At The Drawing Room, reworked piece from a 1943 found letter, Kawayan De Guia

cared to stop by this booth.  But Nitsch’s recorded performance piece, with its ritual of poured blood and mock cruxifixion, would have given Manila audiences something to talk about.

MM Yu manned another busy booth— selling bags and pins and shirts to raise funds for Bastards of Misrepresentation:  Doing Time On Filipino Time.  This is an upcoming exhibit by a group of

Isa Lorenzo at the Silverlens booth

Filipino artists at the Freies Museum in Germany set for October this year.  Unfortunately, these opportunities do not get any government or institutional funding in the Philippines.  The artists need to fend for themselves. They priced their items very reasonably, most at the P2,500.00 range.  I would think that

At Silverlens/ SLab, oil on canvas by Leslie de Chavez, "The Substitution of Innocent Ramon"

money well-spent.

Overall, I thought that Manilart 10 felt like a huge bazaar of paintings, more paintings, and copies of paintings. Apparently, just as they do in Greenhills, the art superstars get knocked off too!  Going by the variations of naked torsos wrapped in plastic, Ronald Ventura must be a favorite.

Because the fair already attracts a huge crowd,  it would be great if the succeeding ones also become a venue to make artistic statements, to expose the audience to other visual art forms.  The galleries that organize the fair should use its success to push for more experimental pieces. I would think that the fair should spearhead elevating standards— not just extend the galleries’ backrooms. As the NCCA spends for this fair, shouldn’t the funds be made to work harder?  Think of what Cinemalaya has done for Filipino independent film makers.

Perhaps for the next one?

Manilart 10 runs from 29 July to 1 August 2010 at Hall 4,  SMX Convention Center, Mall of Asia, Pasay City.  For more information, visit

At Gallery Nine, Ceramic sculpture by Maria Magdamit

At Paseo Gallery, sculptor Michael Cacnio and his piece, "Baitang"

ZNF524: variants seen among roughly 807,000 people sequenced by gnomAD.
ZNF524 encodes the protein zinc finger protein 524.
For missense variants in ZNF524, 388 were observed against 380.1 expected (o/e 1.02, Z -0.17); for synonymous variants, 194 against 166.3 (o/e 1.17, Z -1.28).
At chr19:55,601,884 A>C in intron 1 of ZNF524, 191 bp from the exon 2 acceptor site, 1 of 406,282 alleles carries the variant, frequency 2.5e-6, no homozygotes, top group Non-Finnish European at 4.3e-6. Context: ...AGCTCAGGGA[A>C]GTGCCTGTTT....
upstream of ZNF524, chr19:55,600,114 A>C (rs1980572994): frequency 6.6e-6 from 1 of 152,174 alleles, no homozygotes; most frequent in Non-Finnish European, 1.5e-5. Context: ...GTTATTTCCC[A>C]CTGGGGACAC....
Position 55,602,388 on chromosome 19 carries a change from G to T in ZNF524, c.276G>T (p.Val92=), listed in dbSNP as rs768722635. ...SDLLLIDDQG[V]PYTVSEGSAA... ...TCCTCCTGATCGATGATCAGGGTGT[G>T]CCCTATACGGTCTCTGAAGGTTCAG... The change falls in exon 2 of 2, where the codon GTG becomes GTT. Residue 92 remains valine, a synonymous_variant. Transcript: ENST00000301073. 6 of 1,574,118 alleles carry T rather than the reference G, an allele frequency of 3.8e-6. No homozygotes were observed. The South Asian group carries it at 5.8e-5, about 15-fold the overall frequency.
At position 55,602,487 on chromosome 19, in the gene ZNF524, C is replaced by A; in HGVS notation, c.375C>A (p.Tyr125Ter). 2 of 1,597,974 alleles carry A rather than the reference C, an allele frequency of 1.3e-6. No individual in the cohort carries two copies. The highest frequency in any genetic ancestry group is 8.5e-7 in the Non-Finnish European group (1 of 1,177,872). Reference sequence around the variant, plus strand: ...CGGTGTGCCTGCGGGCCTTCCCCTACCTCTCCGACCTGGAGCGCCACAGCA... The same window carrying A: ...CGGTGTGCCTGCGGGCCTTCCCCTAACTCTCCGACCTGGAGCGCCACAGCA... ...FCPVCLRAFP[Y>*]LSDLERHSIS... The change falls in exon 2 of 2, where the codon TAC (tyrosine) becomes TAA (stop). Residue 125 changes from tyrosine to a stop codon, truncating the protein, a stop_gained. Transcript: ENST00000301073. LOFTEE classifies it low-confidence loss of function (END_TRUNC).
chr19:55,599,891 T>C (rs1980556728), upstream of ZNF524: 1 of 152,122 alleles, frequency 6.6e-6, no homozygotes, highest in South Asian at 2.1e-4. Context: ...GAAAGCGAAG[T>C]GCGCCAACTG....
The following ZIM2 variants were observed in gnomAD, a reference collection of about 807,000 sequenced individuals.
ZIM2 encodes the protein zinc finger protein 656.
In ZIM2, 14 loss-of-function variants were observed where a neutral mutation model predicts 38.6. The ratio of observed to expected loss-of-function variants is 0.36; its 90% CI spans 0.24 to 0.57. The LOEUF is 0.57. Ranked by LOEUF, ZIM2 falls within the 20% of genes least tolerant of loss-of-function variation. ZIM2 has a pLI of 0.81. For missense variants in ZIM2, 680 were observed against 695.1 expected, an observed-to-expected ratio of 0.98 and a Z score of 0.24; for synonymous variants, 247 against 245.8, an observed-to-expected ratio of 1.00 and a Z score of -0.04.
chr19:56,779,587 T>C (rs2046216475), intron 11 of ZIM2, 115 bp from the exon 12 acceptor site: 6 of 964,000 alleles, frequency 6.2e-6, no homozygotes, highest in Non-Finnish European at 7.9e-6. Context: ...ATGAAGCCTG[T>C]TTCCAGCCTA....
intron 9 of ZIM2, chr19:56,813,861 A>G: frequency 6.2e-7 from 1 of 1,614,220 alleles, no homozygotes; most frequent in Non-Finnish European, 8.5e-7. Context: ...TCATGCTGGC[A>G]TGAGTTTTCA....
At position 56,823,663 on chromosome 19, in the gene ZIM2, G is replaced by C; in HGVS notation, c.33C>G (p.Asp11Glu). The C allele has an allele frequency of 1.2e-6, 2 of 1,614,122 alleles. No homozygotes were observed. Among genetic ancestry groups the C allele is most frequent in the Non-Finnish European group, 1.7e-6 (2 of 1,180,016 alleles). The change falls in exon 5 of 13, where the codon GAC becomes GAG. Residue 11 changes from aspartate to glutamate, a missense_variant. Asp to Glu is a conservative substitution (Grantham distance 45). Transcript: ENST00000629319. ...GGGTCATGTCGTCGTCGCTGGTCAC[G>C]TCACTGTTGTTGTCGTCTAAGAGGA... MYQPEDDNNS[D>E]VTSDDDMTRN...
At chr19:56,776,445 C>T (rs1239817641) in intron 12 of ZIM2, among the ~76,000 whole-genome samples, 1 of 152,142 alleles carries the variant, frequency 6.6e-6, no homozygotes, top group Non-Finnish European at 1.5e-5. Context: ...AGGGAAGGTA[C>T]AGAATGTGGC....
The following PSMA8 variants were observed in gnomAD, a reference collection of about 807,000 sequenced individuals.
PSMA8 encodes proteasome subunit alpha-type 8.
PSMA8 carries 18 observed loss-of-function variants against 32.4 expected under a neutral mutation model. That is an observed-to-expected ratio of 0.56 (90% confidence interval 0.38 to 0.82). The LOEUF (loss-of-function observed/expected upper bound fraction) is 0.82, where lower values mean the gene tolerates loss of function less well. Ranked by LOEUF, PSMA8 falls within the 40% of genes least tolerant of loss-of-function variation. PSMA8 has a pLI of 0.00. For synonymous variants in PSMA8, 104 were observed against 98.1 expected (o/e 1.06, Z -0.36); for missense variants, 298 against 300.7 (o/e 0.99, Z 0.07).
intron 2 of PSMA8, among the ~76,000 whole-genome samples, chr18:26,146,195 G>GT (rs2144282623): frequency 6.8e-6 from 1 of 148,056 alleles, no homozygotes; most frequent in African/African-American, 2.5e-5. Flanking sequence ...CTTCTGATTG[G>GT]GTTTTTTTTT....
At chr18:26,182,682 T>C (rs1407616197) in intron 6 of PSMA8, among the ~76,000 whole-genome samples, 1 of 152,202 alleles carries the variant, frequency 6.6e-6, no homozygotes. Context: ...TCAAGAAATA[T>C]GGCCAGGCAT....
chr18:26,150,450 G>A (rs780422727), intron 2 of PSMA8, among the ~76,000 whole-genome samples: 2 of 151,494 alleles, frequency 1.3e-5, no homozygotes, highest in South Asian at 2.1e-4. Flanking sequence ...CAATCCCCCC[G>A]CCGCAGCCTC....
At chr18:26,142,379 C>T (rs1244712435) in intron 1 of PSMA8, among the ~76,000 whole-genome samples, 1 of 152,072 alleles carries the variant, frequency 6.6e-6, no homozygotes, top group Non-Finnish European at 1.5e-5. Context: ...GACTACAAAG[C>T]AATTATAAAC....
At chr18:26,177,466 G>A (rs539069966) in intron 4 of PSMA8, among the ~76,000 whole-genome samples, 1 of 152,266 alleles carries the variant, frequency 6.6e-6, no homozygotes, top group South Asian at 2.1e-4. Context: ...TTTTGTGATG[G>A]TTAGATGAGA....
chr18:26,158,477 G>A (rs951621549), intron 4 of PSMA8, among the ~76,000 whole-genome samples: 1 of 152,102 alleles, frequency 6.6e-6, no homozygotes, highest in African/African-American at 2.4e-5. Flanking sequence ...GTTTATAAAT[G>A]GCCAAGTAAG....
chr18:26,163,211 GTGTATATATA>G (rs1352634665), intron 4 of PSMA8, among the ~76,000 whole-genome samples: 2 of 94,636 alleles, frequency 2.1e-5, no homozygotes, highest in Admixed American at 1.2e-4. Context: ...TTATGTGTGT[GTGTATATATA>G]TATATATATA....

At West Gallery, oil and acrylic on canvas by Olan Ventura, "Consciously Unconscious"

At Nova Gallery, Romeo Lee with his drawing

At Gallery Nine, watercolor by Alfred Galura

Wilson Lee Flores and Annie Cabigting's oil on canvas auction piece, "After Yves Klein"

At Galleria Duemila, sculpture by Julie Lluch, "Maranao (Nanampiling)"

Another view of Julie Lluch's sculpture gazing at Zobel's Saeta

At Art Informal, oil on canvas portrait by Tatong Recheta Torres

At Art Informal, printed paper sculpture by Pam Yan Santos

At Galleria Duemila, photograph by Cesare Syjuco

Yeyey Cruz and Kawayan de Guia

Jay Amante, Nona Garcia, and MM Yu

At Blanc, Allan Balisi and his oil on canvas piece

At Blanc, oil and canvas and collage on mirror by Art Sanchez, "White Lies and Pretense"

At Blanc, oil on canvas piece by Lao Lianben, "Zen In My Head"

At Blanc, artists Neil Pasilan and Mark Andy Garcia

At Finale, oil on canvas with crocheted lace by Geraldine Javier, "Autumn Lace"

At Finale, assemblage by Geraldine Javier with a preserved duckling, embroidery, and preserved beetle, "Happy Go Ducky (Happiness Is A Resting Ground"

Monchet Lucas and Sevrine Miailhe

For auction, oil on canvas by Jose Tence Ruiz, "Apres Moi, Le Tsunami"

For auction, oil on canvas, Charlie Co, "Caroza Pulitika"

At Gallery Orange from Bacolod, Charlie Co with his assemblages

Dawn Lagdameo

Ed Cua and Baby Kramer

At Art Verite, Gabby Barredo kinetic sculpture

At Galerie Zimmermann Kratochwill, photo stills from Hermann Nitsch performance

Group of Manuel Ocampo paintings at Galerie Zimmermann Kratochwill

At Galerie Zimmermann Kratochwill, printed fabric by Hermann Nitsch

John Silva stands before and Iggy Rodriguez drawing

At Blanc, acrylic on canvas pieces by Louie Cordero, "Red Dung" and "Blue Sausage"

The Macasaet Sisters--- Rina (aka Virginia, the artist), Tessa, and Vida

Oil on canvas by Virginia Macasaet, "Blue Moon"


6 Responses to Manilart 10

  1. Manilart 10 « Snippets from the Manila Art Scene…

    I found your entry interesting do I’ve added a Trackback to it on my weblog :)…

  2. […] Trickie Lopa of Manila Art Blogger wrote in a really extensive and thorough entry about Manilart 10 sentiments which I mostly agree with: Overall, I thought that Manilart 10 felt like a huge bazaar […]

  3. this article is exactly what i’m looking for! I found your article bookmarked by a friend. I’ll also share it. thanks!

  4. lukdit says:

    agree with you it’s bazaar. but disagree that the next fair has hope of elevating art. ncca should desist support, public funds again victimized.

  5. Vida Macasaet says:

    Hi Trickie,

    What a nice blog! My first time to check it out and was presently surprised to see that you featured my sis, Virginia/Rina, from Manila Art 2010. Thank you so much!Could you send me your email so I can invite you for future upcoming events…Vida